The proposed algorithm was implemented in C++ running on a Windows 7 platform equipped with a 3.6-GHz Intel® Core(TM) i7-4790 CPU and an NVIDIA Tesla C2050 GPU, which has 448 CUDA cores [31]. Table 2 tabulates the average processing time in each stage of the proposed model-based object pose estimation algorithm. From Table 2, it is clear that the stage of object recognition costs the most processing time of the proposed algorithm. However, when the OOI has been detected, the stage of the proposed algorithm is switched to template tracking and 3D pose estimation processes, which cost about 1.09 ms on average after tracker initialization. Therefore, the proposed algorithm can achieve extremely high processing speeds when the OOI is detected from the input image.

#### 5.4. Multi-Object Pose Tracking

The proposed method can be extended to track multiple objects. Figure 6 shows the experimental results of the proposed method to track three different objects simultaneously. From Figure 6, it is clear that the proposed method not only performs 3D pose tracking of multiple objects with a frame rate higher than 30 frames per second (FPS), but also overcomes the partial occlusion of the object No. 3 in the tracking process. Moreover, the pose estimation results are also accurate when the objects No. 1 and No. 2 change their poses. Therefore, these experimental results validate the tracking performance and tracking accuracy of the proposed pose estimation algorithm. Two video clips of the experiment can be accessed through the webpages of [32,33].

Remark: From the above experimental results, we conclude that the advantage of the proposed method includes the real-time performance in tracking multiple targets and the accuracy of the pose estimation results. However, there are still some limitations of the proposed method; for example, the proposed method is not able to track textureless objects or planar objects with homogeneous surfaces. Furthermore, an unfavorable lighting condition may significantly reduce the tracking performance of the proposed method.

## 6. Conclusions and Future Work

In this paper, a novel and efficient model-based object pose estimation algorithm is proposed to achieve an accurate and stable pose tracking function for an OOI having a multi-planar structure. This property can help to implement many computer vision applications. Thanks to the GPU acceleration and the template tracking technologies, the proposed algorithm can efficiently and robustly detect and track the target in real time. Based on the template tracking result, the 3D pose of the OOI can be obtained accurately from the proposed model-based pose estimator, which combines an HD-based initial pose solver and a model-based PnP solver. Experimental results show that the maximum estimation error of the proposed algorithm is in the case of estimating the rotation in the y-axis and is about 1.64° on average. Otherwise, the proposed algorithm can provide accurate pose estimation results. The rotation estimation errors in both the x- and z-axis are about 0.81° and 0.22° on average, respectively. The translation estimation errors in the three axes are all smaller than 0.33 cm on average. Moreover, the entire system achieves an extremely high processing speed on a desktop computer equipped with a GPU accelerator. These advantages significantly increase the applicability of the proposed algorithm in practical applications.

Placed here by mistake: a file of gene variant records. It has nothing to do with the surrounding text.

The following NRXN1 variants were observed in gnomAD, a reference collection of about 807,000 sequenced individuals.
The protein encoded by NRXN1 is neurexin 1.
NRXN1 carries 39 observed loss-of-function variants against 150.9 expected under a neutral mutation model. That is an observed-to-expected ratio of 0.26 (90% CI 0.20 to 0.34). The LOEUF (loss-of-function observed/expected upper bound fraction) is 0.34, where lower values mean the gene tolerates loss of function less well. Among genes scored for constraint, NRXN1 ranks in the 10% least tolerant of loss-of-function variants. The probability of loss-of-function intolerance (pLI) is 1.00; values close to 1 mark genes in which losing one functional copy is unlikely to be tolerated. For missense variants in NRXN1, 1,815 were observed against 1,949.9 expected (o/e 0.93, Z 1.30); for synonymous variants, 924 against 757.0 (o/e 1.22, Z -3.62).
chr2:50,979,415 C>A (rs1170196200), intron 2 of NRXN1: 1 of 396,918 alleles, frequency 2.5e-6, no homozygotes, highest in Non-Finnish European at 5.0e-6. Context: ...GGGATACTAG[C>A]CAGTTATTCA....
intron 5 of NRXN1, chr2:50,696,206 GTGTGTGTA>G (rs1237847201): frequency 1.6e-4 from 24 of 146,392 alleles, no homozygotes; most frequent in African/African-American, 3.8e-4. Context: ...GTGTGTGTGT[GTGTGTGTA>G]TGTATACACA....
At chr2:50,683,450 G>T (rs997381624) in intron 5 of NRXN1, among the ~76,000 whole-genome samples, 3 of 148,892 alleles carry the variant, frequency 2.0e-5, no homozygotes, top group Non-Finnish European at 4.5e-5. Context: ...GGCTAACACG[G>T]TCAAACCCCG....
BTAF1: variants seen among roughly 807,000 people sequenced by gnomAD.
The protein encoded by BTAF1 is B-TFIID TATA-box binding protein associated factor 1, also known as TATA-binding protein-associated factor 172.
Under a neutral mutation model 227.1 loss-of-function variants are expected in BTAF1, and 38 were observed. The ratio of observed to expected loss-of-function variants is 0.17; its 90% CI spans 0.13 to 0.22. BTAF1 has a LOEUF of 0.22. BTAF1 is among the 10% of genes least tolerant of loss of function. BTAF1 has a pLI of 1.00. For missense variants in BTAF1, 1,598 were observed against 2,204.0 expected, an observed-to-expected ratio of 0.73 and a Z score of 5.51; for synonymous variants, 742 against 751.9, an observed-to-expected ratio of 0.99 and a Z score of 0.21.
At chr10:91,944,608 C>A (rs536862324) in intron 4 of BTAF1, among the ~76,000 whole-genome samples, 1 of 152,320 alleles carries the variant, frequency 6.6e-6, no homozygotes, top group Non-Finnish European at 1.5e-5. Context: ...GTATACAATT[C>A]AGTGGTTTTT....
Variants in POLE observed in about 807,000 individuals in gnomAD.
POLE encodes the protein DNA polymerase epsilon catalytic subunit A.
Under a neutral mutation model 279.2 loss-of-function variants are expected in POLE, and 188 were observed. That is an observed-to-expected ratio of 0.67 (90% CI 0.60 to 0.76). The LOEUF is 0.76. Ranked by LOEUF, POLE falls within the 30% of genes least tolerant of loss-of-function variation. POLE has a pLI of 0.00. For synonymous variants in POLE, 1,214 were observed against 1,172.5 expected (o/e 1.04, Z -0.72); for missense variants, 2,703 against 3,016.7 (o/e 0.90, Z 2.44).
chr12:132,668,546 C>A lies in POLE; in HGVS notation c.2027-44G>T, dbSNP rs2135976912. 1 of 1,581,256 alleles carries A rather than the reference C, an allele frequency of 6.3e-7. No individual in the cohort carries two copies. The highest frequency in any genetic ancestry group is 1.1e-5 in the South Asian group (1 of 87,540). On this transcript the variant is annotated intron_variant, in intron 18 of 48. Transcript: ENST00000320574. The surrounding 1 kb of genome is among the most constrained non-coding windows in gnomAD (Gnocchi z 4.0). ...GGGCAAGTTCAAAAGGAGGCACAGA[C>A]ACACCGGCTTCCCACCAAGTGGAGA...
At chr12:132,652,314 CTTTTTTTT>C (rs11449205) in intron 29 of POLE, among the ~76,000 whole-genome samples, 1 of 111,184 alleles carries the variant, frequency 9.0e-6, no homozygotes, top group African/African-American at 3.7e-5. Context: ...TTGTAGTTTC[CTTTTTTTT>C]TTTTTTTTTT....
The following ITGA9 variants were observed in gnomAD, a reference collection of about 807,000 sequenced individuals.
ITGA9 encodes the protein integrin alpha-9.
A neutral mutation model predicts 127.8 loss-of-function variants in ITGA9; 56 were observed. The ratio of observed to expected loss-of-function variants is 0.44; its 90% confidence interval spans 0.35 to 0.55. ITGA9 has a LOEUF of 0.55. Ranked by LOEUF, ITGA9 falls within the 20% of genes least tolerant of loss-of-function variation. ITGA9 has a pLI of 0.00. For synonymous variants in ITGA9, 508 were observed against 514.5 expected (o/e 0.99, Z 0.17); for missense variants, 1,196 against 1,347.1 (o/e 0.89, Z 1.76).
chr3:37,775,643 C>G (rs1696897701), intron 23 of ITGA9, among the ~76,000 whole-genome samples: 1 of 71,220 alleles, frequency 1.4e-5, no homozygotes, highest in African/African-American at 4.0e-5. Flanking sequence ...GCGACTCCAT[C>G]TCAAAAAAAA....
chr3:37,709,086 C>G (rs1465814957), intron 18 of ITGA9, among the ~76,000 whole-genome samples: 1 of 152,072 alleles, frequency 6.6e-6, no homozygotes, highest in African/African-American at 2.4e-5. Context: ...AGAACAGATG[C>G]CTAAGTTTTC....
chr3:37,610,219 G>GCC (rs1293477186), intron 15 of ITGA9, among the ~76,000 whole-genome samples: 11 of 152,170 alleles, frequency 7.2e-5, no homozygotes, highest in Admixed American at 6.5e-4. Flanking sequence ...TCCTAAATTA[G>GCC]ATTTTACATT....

In the future, a robust visual tracker can be integrated with the template tracker to improve the tracking robustness of the system to overcome external uncertainties during the pose tracking process. Furthermore, it is also crucial to combine a robust object detection method, such as a deep learning-based object detector [34], with the proposed algorithm to detect the target in complex scenes, which helps to improve the robustness and computational efficiency of the proposed algorithm in practical applications.

## Author Contributions

Conceptualization, Tsai, C.Y. and Nisar, H. Methodology, Tsai, C.Y. Software, Tsai, C.Y. and Hsu, K.J. Validation, Tsai, C.Y. and Hsu, K.J. Formal analysis, Tsai, C.Y. Investigation, Tsai, C.Y. Resources, Tsai, C.Y. and Nisar, H. Data curation, Hsu, K.J. Writing, original draft preparation, Tsai, C.Y. Writing, review and editing, Tsai, C.Y. and Nisar, H. Visualization, Tsai, C.Y. Supervision, Tsai, C.Y. Project administration, Tsai, C.Y. Funding acquisition, Tsai, C.Y.

## Acknowledgments

This work was supported by the Ministry of Science and Technology of Taiwan, ROC, under Grant MOST 107-2221-E-032-049 and was supported in part by NUWA Robotics Co., Ltd, Nanjing East Road, Zhongshan District, Taipei City 104, Taiwan.

## Conflicts of Interest

The authors declare no conflict of interest.

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**Figure 3.**Pose estimation results of the proposed algorithm in tracking the OOI with the three templates shown in Figure 2: 3D pose estimation by tracking (

**a**) the template No. 1, (

**b**) the two templates No.1 and No. 3, (

**c**) the template No. 3, (

**d**) the two templates No.1 and No. 3 again, (

**e**) the template No. 1, (

**f**) the two templates No. 1 and No. 2, (

**g**) the template No. 2 and (

**h**) the template No. 1 with a rotation on the z-axis.

**Figure 4.**Experimental results of the proposed algorithm to estimate the translation motions of the OOI along the (

**a1**–

**h1**) x-axis, (

**a2**–

**h2**) y-axis and (

**a3**–

**h3**) z-axis.

**Figure 5.**Experimental results of the proposed algorithm to estimate the rotation angles of the (

**a1**–

**h1**) x-axis, (

**a2**–

**h2**) y-axis and (

**a3**–

**h3**) z-axis of the OOI.

**Figure 6.**Experimental results of multi-object pose tracking of the proposed algorithm [32].

Estimation Error | ||||||
---|---|---|---|---|---|---|

Unit | cm | Degree | ||||

e_{Tx} | e_{Ty} | e_{Tz} | e_{Rx} | e_{Ry} | e_{Rz} | |

(a) | 0.0121 | 0.3721 | 0.0144 | 2.1025 | 2.1609 | 0.0100 |

(b) | 0.0961 | 0.0009 | 0.0625 | 2.9241 | 3.5344 | 0.3844 |

(c) | 0.2916 | 0.0081 | 0.1681 | 0.0676 | 2.1609 | 0.0225 |

(d) | 0.4900 | 0.1521 | 0.1225 | 0.2401 | 0.0961 | 0.0144 |

(e) | 0.0196 | 0.1296 | 0.2116 | 0.0841 | 0.5476 | 0.0729 |

(f) | 0.0009 | 0.4356 | 0.2500 | 0.1849 | 2.2801 | 0.0729 |

(g) | 0.0484 | 0.4096 | 0.2809 | 0.4225 | 1.3225 | 0.7744 |

(h) | 0.1156 | 1.0816 | 0.3249 | 0.4900 | 1.0000 | 0.4225 |

Average | 0.1343 | 0.3237 | 0.1794 | 0.8145 | 1.6378 | 0.2218 |

Stage | Object Recognition | Template Tracking | 3D Pose Estimation | ||
---|---|---|---|---|---|

Process | Keypoint extraction | Keypoint matching | Tracker initialization | Template tracking | Initial Pose Solver and PnP Solver |

Average Time | 65 ms | 53 ms | 3.85 ms | 0.39 ms | 0.70 ms |